Treatment Action Group has been working on engaging decision makers to revitalize and catalyze real action towards realizing the goals of the US National HIV/AIDS strategy in order to end AIDS in the US.
Treatment Action Group (TAG) has been working on high-level advocacy efforts in order to push the government to revitalize action on NHAS goals. TAG has coordinated dialogue amongst HIV/AIDS policy makers, experts, researchers, service providers and community activists, synthesizing lessons into their ‘Revitalizing the U.S. National HIV/AIDS Strategy’ 2013 Report and Action Plan. Key recommendations were outlined, which include the need to scale up evidence-based strategies and practices, maximize engagement in care and treatment outcomes, and facilitate tighter collaboration between various federal agencies.
Thirty years into the HIV/AIDS epidemic, an artillery of scientific knowledge and medical strategies have been developed in which to mount a fight against the HIV epidemic. But an array of social, political, behavioral and cultural factors still pose significant barriers to making this potential a reality.
Approximately 1.2 million people are living with HIV in the U.S. Prevalence and new infection rates are disproportionately higher in communities facing extreme marginalization and discrimination, men who have sex with men (MSM), commercial sex workers (CSWs), and people who use drugs (PUDs). Entrenched inequities also remain and are divided along race and gender lines. In the US, whereas black men and women represent approximately 14 percent of the population, they accounted for almost half of all new HIV infections in 2010.
Racism, homophobia, poverty, violence, trauma and criminalization are some of the structural factors that continue to drive the HIV epidemic and affect access to prevention, care and treatment services. In the US, one in five people are unaware of having been infected, and only 40 percent are engaged in continuous care. Moreover, only one in four people living with HIV is being successfully treated with antiretroviral medications and maintaining undetectable viral loads, meaning one’s health is potentially endangered and one can transmit the virus to others.
In order to mount a worthy fight, political commitment, a supportive policy environment, adequate funding, multi-sectoral dialogues, effective service delivery mechanisms and empowered communities are vital.
The US National HIV/AIDS Strategy 2010 -2015, that has been fully supported by the White House, is a stated commitment towards reducing the number of HIV infections in key affected populations (KAPs), increasing access to care and improving health outcomes for PLHIV, and reducing HIV related health disparities through the use of community level approaches.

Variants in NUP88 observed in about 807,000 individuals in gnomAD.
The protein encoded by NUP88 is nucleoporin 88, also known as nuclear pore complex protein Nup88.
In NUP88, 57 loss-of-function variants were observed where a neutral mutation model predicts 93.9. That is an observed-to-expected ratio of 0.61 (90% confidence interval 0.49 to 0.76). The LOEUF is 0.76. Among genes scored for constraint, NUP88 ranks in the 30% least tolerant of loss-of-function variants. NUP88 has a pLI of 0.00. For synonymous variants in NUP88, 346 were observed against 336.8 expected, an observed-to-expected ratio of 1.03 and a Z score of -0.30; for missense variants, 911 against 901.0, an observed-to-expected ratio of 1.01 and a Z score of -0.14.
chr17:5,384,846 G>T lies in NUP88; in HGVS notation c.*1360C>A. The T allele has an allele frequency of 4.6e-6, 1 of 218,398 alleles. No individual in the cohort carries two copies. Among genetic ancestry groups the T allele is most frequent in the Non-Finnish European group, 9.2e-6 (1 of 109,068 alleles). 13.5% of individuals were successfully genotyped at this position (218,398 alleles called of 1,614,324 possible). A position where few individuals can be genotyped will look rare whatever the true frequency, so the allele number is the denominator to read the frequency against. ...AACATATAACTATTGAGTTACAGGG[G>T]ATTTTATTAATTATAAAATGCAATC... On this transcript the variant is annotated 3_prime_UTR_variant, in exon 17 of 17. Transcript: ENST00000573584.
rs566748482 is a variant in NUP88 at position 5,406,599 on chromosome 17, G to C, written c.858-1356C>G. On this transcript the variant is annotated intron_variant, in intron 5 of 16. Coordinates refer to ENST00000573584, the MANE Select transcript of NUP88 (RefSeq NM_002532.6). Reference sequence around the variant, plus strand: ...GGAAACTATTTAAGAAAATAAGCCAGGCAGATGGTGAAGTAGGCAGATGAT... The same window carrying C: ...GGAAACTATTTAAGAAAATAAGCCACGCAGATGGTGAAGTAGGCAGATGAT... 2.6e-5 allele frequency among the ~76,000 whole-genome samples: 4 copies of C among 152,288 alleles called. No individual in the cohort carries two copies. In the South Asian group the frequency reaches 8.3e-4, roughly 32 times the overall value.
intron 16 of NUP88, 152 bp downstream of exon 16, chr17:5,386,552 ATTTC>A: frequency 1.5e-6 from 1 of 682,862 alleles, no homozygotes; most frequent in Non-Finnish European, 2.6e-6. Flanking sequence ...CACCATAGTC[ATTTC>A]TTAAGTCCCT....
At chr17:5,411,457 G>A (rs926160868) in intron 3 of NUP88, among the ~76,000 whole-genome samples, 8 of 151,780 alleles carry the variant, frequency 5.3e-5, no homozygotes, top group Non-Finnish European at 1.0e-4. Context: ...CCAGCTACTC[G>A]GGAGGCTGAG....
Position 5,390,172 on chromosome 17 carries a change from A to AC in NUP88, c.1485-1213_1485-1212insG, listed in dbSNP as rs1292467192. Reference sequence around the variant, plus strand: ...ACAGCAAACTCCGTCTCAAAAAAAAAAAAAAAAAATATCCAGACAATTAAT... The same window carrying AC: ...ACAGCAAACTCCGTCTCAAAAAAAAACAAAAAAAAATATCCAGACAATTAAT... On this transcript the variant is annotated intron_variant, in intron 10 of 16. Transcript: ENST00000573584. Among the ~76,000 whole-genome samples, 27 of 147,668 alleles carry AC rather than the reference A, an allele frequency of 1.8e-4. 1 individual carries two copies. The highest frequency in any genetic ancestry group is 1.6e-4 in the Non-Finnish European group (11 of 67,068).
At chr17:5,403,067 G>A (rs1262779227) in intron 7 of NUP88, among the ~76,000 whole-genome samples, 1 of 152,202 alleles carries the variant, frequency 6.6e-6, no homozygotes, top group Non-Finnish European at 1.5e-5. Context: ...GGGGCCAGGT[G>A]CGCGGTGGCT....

Vision for the National HIV/AIDS Strategy:
The United States will become a place where new HIV infections are rare and when they do occur, every person, regardless of age, gender, race/ethnicity, sexual orientation, gender identity or socio economic circumstances, will have unfettered access to high quality, life extending care, free from stigma and discrimination’
Many of the targets however are not likely to be met under the current pace.
Gaps not addressed in the roadmap include a funding shortfall, estimated at 15.2 billion as well as a need for state level action. TAG also recommends the need for priority allocation of resources, so that they can be directed to where they are most needed, demographically as well as geographically. HIV infection rates in the South continue to rise, particularly in states such as Mississippi and Florida where existing resources are stretched to breaking points.
There is also strong need to apply ‘implementation science’, which is a ‘bottom-up’ approach to research. It is primarily concerned with evaluating and translating interventions that have proven effective in clinical trials and other studies, taking into consideration the complex and shifting dynamics of real world settings.
Underlying these recommendations is the critical need for involvement of people and communities directly affected by HIV. Community mobilization and activism remains essential in the fight against HIV, both in terms of achieving and surpassing the goals of NHAS, and for ensuring that accurate data and information from the community are fed into decision-making bodies. The opinions, experiences and voices of PLHIV and KAPs need to be strengthened, validated and prioritized within HIV agenda setting, and in devising sustainable and local solutions that are impactful, realistic, and relevant.
Due to advocacy efforts, President Obama issued an Executive Order in July 2013, establishing the HIV Care Continuum Initiative which integrates many of the key recommendations outlined by TAG. A collaborative and cross-sectoral working group was established, with a mandate to focus on improving health care delivery, identify research gaps, and obtain input from affected communities.
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